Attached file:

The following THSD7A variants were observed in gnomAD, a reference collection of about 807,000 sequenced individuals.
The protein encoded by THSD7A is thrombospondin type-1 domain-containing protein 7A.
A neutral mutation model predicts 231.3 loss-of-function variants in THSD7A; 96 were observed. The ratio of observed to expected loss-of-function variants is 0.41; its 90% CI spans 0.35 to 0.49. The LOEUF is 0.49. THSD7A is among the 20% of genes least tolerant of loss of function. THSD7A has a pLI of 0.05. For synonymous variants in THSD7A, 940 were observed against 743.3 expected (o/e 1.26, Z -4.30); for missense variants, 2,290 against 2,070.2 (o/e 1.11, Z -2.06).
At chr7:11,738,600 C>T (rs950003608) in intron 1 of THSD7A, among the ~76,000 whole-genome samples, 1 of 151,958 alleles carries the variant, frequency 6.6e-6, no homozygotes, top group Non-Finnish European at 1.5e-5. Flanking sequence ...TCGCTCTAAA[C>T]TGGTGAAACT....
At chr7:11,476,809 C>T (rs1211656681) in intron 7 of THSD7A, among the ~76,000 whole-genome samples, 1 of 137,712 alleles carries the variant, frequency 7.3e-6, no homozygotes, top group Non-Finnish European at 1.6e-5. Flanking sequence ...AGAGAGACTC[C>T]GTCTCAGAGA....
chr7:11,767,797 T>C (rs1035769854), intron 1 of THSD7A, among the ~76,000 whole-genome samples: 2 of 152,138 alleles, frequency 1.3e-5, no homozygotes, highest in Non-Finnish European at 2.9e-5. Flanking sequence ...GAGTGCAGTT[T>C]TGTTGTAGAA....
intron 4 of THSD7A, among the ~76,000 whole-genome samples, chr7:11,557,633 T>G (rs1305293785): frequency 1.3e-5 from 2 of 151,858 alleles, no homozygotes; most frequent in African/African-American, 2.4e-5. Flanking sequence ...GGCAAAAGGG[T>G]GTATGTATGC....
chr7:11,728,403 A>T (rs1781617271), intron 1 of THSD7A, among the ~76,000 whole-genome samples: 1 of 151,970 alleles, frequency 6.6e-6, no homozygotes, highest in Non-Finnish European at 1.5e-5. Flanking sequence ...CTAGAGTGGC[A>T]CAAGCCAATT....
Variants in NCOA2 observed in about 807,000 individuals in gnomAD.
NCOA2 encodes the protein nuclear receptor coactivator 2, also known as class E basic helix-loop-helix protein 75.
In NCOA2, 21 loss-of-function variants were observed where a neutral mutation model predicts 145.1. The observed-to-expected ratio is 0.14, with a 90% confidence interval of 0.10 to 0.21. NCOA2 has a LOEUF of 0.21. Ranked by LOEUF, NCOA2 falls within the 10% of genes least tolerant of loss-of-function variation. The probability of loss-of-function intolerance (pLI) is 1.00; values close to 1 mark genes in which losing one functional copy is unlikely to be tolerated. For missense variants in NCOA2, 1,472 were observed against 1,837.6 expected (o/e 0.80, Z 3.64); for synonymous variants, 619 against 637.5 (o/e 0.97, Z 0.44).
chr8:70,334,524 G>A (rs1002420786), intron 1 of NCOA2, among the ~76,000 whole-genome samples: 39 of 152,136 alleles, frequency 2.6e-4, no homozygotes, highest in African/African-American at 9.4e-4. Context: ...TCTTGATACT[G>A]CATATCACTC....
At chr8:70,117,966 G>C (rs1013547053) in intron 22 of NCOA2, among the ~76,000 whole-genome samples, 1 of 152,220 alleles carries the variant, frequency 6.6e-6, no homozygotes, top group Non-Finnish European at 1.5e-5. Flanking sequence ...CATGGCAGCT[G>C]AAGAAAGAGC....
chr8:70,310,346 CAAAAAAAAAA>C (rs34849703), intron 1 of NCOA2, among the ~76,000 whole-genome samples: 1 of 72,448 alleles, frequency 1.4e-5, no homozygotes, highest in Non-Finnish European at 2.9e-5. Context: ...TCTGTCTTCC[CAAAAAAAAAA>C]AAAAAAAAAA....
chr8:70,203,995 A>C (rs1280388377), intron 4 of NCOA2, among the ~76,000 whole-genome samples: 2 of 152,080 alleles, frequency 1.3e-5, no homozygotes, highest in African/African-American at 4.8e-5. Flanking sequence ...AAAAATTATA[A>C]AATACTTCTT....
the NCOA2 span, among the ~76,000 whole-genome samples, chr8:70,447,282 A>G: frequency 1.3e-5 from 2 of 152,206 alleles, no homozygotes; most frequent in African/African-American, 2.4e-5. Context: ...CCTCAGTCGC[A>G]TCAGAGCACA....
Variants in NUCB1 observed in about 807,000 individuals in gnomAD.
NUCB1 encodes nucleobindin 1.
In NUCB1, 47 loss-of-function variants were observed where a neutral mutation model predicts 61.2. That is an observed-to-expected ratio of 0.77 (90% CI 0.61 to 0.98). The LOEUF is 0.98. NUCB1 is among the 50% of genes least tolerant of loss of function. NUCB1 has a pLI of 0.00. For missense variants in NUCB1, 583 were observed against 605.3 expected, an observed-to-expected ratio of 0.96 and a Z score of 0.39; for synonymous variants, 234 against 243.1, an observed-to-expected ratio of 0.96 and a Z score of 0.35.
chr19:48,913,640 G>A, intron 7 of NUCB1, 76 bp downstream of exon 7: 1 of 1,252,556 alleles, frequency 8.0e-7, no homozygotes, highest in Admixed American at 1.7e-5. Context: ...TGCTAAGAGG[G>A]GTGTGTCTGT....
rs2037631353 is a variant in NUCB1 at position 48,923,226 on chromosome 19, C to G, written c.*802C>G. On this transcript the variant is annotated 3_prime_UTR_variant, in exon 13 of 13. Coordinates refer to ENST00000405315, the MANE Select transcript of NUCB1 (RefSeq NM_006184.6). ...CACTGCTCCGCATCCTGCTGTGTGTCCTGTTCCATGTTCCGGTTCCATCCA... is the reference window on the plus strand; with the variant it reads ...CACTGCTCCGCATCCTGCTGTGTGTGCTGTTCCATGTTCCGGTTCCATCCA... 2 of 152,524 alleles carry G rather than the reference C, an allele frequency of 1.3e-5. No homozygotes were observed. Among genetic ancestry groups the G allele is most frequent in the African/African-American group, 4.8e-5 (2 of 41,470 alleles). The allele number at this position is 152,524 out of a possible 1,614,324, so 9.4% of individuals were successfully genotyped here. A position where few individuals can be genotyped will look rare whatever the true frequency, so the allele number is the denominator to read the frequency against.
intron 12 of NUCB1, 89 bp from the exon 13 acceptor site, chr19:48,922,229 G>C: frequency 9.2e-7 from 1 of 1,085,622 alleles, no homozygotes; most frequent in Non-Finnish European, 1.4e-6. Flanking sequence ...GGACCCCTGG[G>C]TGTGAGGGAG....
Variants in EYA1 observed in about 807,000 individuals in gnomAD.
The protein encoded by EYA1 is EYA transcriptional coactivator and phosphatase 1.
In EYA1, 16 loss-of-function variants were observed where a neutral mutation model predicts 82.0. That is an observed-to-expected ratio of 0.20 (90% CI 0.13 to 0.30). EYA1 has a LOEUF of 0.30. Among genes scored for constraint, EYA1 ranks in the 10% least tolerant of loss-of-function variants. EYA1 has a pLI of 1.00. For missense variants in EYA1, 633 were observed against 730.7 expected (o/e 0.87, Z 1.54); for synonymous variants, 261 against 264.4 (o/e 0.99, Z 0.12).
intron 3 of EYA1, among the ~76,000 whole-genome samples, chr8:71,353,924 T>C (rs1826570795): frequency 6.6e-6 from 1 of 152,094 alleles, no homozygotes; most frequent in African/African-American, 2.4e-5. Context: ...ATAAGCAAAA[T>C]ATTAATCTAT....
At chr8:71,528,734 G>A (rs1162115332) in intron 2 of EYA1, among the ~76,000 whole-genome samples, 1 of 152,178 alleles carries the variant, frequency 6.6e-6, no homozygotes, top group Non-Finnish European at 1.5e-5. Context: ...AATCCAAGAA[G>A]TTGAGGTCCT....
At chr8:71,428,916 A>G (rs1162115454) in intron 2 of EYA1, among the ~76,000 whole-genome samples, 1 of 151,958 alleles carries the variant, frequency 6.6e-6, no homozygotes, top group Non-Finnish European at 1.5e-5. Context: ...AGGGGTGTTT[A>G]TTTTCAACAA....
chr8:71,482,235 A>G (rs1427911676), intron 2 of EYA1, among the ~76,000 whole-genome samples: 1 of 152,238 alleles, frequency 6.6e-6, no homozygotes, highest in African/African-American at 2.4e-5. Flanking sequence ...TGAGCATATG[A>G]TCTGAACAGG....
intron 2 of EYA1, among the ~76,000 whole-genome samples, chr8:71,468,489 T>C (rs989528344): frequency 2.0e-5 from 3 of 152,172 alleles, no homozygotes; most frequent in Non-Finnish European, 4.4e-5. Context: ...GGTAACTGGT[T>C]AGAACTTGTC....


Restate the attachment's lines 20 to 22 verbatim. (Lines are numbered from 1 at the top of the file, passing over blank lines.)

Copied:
chr19:48,913,640 G>A, intron 7 of NUCB1, 76 bp downstream of exon 7: 1 of 1,252,556 alleles, frequency 8.0e-7, no homozygotes, highest in Admixed American at 1.7e-5. Context: ...TGCTAAGAGG[G>A]GTGTGTCTGT....
rs2037631353 is a variant in NUCB1 at position 48,923,226 on chromosome 19, C to G, written c.*802C>G. On this transcript the variant is annotated 3_prime_UTR_variant, in exon 13 of 13. Coordinates refer to ENST00000405315, the MANE Select transcript of NUCB1 (RefSeq NM_006184.6). ...CACTGCTCCGCATCCTGCTGTGTGTCCTGTTCCATGTTCCGGTTCCATCCA... is the reference window on the plus strand; with the variant it reads ...CACTGCTCCGCATCCTGCTGTGTGTGCTGTTCCATGTTCCGGTTCCATCCA... 2 of 152,524 alleles carry G rather than the reference C, an allele frequency of 1.3e-5. No homozygotes were observed. Among genetic ancestry groups the G allele is most frequent in the African/African-American group, 4.8e-5 (2 of 41,470 alleles). The allele number at this position is 152,524 out of a possible 1,614,324, so 9.4% of individuals were successfully genotyped here. A position where few individuals can be genotyped will look rare whatever the true frequency, so the allele number is the denominator to read the frequency against.
intron 12 of NUCB1, 89 bp from the exon 13 acceptor site, chr19:48,922,229 G>C: frequency 9.2e-7 from 1 of 1,085,622 alleles, no homozygotes; most frequent in Non-Finnish European, 1.4e-6. Flanking sequence ...GGACCCCTGG[G>C]TGTGAGGGAG....